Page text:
Writing a response
When writing an essay about your interpretation of, or response to, a poem, you should consider the points below.
- Write a plan first, noting what you'll include in each paragraph.
- Begin with a brief overview of the poem.
- Go on to mention themes, form, structure, rhythm and language.
- Mention a range of views or perspectives.
- Compare the poem to another one.
- Mention any relevant details about the context of the poem.
- Conclude with a firm judgement about the poem.
- Support all you say with details or quotes from the poem.
A good approach to begin with is to highlight any key words which stand out for you. Make sure you use these key words in your essay.
How does Keats highlight the human senses in his poem To Autumn?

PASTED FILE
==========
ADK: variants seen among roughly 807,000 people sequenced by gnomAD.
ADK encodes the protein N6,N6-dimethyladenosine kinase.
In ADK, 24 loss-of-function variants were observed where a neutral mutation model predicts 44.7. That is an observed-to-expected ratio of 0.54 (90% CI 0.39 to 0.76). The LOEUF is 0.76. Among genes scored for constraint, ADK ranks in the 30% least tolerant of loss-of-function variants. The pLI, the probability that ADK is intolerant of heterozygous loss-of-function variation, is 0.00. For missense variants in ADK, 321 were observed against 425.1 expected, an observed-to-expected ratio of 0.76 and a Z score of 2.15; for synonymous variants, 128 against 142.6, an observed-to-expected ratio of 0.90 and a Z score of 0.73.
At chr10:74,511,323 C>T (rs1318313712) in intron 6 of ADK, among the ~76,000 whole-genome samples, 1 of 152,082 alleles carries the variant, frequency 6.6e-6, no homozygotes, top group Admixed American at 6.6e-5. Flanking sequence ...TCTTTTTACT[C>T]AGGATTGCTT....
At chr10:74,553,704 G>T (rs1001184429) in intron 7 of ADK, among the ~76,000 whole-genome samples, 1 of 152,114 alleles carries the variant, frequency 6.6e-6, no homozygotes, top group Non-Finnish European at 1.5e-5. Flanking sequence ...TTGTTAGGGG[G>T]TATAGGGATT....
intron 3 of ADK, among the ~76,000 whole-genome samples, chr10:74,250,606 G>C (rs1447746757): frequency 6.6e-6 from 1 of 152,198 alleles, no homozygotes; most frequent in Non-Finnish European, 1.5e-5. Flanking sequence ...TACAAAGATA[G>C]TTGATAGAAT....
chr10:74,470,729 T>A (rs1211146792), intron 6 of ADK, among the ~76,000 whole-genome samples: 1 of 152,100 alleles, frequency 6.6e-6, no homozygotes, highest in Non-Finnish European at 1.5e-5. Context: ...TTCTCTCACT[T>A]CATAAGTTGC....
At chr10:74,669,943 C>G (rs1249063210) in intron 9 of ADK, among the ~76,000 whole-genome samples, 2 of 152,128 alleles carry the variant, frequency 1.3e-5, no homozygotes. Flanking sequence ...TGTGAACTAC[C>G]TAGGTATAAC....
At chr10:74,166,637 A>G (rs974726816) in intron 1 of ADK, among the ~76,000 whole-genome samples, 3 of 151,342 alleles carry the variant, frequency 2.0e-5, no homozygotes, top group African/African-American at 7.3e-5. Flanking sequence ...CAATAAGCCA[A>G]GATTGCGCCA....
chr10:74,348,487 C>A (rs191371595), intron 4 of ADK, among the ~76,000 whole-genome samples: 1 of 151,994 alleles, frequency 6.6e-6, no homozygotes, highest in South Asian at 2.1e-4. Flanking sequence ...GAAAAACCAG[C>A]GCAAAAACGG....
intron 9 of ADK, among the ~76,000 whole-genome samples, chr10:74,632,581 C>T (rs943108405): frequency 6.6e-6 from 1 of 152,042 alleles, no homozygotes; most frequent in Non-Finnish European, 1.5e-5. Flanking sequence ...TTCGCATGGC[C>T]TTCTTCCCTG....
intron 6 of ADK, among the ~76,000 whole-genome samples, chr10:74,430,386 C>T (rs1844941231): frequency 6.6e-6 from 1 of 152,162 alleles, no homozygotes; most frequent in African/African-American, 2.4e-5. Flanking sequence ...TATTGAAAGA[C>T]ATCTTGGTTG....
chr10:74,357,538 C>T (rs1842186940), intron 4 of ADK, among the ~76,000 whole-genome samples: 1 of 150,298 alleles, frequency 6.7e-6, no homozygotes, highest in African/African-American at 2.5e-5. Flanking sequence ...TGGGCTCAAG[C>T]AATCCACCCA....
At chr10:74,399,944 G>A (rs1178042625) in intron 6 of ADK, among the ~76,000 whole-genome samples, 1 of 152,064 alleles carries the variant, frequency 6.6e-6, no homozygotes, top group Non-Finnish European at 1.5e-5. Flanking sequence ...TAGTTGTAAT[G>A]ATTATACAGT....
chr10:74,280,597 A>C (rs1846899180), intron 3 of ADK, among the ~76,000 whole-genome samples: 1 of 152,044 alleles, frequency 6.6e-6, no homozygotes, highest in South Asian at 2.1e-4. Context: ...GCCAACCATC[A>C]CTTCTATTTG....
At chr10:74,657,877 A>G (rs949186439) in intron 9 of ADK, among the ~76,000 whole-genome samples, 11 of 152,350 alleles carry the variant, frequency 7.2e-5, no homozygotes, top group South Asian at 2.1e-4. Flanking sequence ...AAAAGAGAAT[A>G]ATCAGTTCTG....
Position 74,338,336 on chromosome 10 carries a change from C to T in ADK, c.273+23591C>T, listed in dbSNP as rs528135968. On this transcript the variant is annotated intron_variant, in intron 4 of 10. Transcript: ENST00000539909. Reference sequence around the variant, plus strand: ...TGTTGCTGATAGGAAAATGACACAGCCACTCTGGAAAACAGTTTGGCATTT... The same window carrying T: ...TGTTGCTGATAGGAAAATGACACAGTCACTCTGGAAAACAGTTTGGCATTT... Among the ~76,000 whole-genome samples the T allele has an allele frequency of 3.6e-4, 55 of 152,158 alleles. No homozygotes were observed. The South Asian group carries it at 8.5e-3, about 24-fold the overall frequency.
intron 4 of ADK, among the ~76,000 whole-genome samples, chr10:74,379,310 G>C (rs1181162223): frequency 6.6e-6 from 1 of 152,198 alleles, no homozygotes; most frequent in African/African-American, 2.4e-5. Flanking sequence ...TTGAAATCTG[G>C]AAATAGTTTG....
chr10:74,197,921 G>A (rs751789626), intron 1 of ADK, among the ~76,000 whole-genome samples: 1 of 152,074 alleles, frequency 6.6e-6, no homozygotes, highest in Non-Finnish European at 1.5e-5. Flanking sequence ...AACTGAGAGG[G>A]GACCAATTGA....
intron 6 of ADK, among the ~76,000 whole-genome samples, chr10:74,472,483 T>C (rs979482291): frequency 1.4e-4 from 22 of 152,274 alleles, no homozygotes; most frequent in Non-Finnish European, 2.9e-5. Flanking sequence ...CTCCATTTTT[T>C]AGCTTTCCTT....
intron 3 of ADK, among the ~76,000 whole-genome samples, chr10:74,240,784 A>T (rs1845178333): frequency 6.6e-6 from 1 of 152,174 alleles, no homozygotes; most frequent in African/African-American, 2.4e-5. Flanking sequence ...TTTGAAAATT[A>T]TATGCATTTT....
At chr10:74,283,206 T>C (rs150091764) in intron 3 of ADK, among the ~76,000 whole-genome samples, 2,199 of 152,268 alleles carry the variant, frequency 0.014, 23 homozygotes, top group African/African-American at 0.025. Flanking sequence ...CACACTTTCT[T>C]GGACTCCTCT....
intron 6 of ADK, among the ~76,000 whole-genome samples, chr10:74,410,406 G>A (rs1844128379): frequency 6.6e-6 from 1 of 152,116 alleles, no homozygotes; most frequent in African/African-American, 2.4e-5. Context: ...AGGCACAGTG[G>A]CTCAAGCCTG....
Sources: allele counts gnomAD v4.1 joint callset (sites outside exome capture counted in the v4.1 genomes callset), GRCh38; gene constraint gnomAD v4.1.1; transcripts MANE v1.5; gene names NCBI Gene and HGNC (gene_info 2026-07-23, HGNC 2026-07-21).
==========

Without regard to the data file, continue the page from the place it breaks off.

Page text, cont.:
- Overview: context - highly personal account inspired by personal experience. Each stanza centres on different sense – touch, sight and hearing.
- Touch – stanza 1: linked to early autumn/morning. Rich sensuous vocabulary about ripeness and abundance is used.
- Sight – stanza 2: linked to mid-autumn/afternoon. Key words include: ‘seen’, ‘seeks’, ‘look’ and ‘watchest’, all to do with sight.
- Hearing – stanza 3: linked to late autumn/evening; ‘songs’, ‘music’ and ‘choir’ all human sounds. The last few lines are all about the noises of creatures.
- Conclusion: Romantic poets recognised the power of the senses and this poem fully demonstrates that idea.
Some other essay questions to think about:
- Apart from describing a particular time of year what else does Keats have to say in this poem?
- Keats carefully develops a sense of time and place for his readers. Show how he does this in To Autumn and compare his methods with those used by another poet.